go it

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See also: goit

English[edit]

Verb[edit]

go it (third-person singular simple present goes it, present participle going it, simple past went it, past participle gone it)

  1. (informal) To misbehave, to carry on.
    • 1991, Stephen Fry, The Liar, page 32:
      ‘Perhaps you would like to tell me what kept you?’
      ‘Not really, sir.’
      Something of a gasp ran around the form-room. This was going it a bit strong, even for Healey.
      ‘I beg your pardon?’
  2. (informal) To proceed, to make progress.
    • 1873, John Camden Hotten, The Slang Dictionary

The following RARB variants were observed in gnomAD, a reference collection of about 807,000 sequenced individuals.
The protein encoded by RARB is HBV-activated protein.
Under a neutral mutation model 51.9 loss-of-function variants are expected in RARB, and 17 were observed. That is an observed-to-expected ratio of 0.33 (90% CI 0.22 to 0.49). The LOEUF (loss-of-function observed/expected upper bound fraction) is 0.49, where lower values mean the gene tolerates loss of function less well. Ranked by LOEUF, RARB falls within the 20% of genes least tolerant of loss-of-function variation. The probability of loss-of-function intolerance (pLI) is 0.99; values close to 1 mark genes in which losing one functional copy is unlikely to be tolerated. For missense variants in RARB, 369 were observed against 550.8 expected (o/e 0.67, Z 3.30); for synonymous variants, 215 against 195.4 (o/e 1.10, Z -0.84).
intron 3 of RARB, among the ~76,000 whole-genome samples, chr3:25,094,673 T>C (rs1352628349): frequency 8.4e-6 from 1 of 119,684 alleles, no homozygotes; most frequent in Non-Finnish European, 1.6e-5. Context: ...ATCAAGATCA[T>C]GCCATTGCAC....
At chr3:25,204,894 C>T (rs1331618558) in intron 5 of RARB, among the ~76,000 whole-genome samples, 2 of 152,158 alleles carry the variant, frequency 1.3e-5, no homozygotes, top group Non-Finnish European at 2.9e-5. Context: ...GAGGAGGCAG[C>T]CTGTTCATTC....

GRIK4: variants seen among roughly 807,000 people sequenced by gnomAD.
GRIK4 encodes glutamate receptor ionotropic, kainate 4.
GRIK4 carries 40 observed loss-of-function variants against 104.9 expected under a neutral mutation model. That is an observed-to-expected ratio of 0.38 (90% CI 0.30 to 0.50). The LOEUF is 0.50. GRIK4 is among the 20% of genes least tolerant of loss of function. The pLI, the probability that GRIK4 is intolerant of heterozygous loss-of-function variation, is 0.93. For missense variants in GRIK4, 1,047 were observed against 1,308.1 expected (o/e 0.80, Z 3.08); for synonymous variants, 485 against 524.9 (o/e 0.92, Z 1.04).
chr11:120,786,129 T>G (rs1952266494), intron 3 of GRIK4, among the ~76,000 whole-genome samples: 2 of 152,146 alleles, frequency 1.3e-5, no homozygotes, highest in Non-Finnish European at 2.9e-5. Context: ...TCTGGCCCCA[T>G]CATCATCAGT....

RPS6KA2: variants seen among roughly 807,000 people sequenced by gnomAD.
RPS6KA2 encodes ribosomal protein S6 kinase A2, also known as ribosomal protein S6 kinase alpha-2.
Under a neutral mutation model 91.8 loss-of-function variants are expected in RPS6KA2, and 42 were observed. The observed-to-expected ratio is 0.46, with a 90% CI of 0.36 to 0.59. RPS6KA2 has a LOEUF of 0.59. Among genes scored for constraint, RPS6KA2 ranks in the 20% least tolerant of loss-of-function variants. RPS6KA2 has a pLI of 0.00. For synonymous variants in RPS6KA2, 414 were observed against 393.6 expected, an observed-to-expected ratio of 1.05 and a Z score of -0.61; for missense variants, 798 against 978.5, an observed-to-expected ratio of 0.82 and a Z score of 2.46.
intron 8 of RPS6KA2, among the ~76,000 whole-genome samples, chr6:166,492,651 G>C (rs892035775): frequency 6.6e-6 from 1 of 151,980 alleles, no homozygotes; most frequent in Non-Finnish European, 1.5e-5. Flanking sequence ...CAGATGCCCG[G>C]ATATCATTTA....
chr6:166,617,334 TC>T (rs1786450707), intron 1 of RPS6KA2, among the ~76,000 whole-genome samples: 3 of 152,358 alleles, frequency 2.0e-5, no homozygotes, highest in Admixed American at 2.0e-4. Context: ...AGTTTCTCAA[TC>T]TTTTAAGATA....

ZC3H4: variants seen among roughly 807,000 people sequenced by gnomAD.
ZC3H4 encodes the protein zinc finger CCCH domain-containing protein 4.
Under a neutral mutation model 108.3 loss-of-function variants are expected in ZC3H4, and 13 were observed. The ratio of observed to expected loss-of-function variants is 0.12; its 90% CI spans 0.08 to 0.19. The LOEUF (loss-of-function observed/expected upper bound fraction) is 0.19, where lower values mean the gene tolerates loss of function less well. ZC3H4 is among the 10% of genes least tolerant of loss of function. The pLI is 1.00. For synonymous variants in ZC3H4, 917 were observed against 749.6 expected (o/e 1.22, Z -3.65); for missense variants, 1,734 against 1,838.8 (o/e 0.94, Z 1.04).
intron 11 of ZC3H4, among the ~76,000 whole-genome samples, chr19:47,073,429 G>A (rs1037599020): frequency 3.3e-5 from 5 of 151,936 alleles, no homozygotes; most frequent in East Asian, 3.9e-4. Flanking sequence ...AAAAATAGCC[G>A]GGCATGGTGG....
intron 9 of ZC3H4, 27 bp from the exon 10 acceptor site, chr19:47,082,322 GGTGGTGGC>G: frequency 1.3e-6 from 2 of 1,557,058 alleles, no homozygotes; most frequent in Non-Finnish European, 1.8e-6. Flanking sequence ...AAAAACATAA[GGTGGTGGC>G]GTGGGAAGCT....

Boot after boot was tried on until at last a fit was obtained, when in rushed a man, snatched up the customer's hat left near the door, and ran down the street as fast as his legs could carry him. Away went the customer after his hat, and Crispin, standing at the door, clapped his hands, and shouted, “Go it, you'll catch him!”—little thinking that it was a concerted trick, and that neither his boots nor the customer would ever return.